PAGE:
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Protecting Yourself at Work from Day One

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For generations, parents have dedicated their lives, resources, and wages to raising and educating children who are expected to one day go forth and get a job. And, for most of us, having a job is not just a major goal in life but an absolute economic necessity. In fact, many people are working at more than one job just to keep their heads above water financially!

Accepting a job and entering the workforce is one of the most significant (and possibly life-enhancing) experiences you will ever have. For some men and women, the physical, intellectual, and emotional commitment made to working is even stronger than that made to partnering and/or parenting. Who doesn’t know of someone who sacrificed health or personal and family relationships on the altar of an employer?

And yet, everybody also knows somebody who went to work one morning thinking that day would be just like any other, only to find out that it was all over: end of job — just like that. If it hasn’t happened to you yet, you may be one of the thousands who report for work every day fearing it might actually happen someday. And in this day and age, you will almost certainly experience a sudden firing at some point in your career, perhaps even more than once. You need to be mentally and physically prepared for that possibility!

Unfortunately, no one is safe. People are losing jobs in droves these days, faster than jobs are being created. At present, there is a labor surplus for the most part. Sometimes people don’t even know why they lost their jobs. In this age of job insecurity, the only people who can count on a paycheck are those who are self-employed and out there creating their own work! Sad, perhaps, but true! That’s why it’s more important than ever that you take control of your career from your very first day on the job!

Every working person needs to set up a personal employment file on the first day of a new job. Do not let your first day at work end without creating this crucial file! This applies to employees, contractors, and consultants alike — and, just to be clear, to every job you’ll ever have.

In this file you should keep your employment offer (or contract, if you are an independent), your job description, and copies of any forms you complete for the human resources department (e.g., forms relating to benefits, tax elections, and other employment records). You should also keep information HR provides you with about the company and anything your boss shares about the department you’ll be working in and the team you’ll be working with (for example, organizational charts, mission and values statements, project or assignment lists, etc.).

Over time, you’ll want to add other pieces of information to the file, such as, for example your annual performance plan, copies of your reviews, and copies of positive testimonials you receive from others over the course of your employment. Also, be sure to put any communications from the employer describing changes to your job or changes to your benefits plans and programs in there, as well as copies of any key correspondence you have with your boss. Forward any electronic documentation of the above to your personal email address.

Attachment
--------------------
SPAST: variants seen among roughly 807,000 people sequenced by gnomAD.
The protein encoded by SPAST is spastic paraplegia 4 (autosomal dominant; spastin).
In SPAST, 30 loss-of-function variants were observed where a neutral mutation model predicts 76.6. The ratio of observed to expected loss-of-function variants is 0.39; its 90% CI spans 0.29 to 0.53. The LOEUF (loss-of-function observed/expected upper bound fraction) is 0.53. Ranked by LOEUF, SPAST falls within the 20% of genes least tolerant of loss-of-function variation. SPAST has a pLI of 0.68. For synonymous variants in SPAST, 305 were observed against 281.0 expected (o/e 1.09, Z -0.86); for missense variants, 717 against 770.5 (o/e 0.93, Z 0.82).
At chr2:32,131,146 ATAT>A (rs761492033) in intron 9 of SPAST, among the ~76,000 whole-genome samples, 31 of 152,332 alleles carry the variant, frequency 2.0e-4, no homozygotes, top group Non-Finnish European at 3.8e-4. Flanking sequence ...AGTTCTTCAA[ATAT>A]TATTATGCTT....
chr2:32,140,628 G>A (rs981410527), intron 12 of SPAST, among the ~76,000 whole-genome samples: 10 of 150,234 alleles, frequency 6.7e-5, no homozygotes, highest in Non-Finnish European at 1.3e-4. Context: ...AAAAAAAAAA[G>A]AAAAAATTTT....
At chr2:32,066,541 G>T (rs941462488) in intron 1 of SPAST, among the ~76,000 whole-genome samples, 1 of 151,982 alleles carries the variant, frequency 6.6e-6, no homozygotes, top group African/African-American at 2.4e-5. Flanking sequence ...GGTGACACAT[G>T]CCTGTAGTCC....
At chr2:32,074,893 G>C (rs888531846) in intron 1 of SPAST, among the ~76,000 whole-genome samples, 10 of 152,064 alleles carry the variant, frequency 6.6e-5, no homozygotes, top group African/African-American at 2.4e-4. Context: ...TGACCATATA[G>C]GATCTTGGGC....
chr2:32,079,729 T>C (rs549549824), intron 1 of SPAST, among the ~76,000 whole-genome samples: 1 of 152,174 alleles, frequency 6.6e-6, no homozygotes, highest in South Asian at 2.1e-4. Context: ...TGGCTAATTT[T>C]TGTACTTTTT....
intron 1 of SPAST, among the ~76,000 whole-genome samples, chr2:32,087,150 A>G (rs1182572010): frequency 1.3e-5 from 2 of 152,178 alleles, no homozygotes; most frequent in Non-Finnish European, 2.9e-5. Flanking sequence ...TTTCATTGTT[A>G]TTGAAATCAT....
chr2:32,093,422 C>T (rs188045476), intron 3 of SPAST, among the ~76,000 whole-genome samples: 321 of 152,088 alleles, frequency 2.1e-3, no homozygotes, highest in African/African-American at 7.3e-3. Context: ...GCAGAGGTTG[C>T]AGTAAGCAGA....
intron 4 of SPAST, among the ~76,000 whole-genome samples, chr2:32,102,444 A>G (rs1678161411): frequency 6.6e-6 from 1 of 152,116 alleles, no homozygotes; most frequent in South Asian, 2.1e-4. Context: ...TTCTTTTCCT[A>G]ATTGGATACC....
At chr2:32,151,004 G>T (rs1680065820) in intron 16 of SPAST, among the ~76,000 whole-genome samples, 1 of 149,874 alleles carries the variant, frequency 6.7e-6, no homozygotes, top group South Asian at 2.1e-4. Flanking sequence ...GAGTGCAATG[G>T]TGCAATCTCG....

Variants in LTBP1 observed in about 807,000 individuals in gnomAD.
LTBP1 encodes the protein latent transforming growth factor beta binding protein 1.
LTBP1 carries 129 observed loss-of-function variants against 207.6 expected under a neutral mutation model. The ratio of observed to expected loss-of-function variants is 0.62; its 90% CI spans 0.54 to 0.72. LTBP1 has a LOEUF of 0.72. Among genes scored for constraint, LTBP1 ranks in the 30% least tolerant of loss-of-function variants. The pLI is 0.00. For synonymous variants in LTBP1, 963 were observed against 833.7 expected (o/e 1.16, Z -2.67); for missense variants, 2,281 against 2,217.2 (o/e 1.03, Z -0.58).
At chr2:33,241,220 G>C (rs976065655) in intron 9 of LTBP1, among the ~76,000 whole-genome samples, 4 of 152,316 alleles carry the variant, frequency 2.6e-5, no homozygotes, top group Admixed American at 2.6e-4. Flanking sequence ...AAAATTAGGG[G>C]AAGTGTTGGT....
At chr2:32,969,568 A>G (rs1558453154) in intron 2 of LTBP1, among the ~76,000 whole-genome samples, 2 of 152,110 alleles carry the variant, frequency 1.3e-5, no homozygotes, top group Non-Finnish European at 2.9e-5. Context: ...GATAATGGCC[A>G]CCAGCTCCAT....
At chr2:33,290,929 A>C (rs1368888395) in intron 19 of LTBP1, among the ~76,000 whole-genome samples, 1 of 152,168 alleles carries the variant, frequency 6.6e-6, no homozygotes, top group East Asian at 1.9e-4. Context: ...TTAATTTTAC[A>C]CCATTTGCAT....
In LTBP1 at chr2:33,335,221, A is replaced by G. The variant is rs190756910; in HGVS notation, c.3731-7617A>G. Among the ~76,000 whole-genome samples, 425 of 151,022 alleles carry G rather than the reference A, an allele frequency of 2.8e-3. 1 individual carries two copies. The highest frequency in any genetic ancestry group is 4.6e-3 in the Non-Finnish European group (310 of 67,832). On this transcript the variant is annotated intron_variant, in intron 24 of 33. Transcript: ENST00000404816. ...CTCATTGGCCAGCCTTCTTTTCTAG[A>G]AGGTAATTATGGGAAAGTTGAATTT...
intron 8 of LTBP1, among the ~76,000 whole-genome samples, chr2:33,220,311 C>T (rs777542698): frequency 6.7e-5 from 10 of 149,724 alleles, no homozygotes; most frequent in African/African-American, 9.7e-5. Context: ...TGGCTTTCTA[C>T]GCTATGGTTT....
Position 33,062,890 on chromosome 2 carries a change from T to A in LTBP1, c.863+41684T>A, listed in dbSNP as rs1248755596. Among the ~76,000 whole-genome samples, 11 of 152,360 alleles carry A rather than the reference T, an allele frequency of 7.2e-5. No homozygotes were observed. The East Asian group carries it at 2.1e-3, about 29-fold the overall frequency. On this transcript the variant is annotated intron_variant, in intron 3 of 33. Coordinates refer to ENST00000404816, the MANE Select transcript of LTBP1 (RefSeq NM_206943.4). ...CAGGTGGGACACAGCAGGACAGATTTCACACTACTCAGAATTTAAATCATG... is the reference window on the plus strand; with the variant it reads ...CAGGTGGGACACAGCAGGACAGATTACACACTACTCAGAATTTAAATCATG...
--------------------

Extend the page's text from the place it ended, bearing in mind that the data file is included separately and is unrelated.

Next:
And keep your file at home! This file is critical to your future, whether or not you lose your job. So again, keep your employment file at home and not in your desk at the office. Here’s why:

1. Your offer letter outlines the terms of your employment contract. Never leave its terms to memory.

2. Your job description explains what you have to do to live up to the terms of that employment contract. If you don't have a formal job description, send your boss an email detailing the key duties and responsibilities you believe you have and asking for confirmation. Then put both your email and the reply in your personal file.

3. Your job could end tomorrow morning without warning. Don’t ever make the mistake of believing it couldn’t happen to you! If you are escorted from the building the same day, as many people are, you will not be permitted to take your employment folder with you, nor will you be able to get your hands on the many critical documents you may need for future reference.

No one will ever care about your career more than you do. Take the above steps for yourself, and you will always have what you need to move forward should your career come to an unexpected end one day. You’ll never regret taking the time to create your own employment file.

About the Author

Internationally renowned business strategist, ueber-mentor, and MBA professor Linda M. Lopeke is the creator of the SmartStart virtual mentoring programs — the fastest, easiest way to super-size your career success. Visit to take the $1,000 cash-for-college challenge and test your office smarts.
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 own work  necessity  thinking  HR  plans  employment contracts  insecurity  employers

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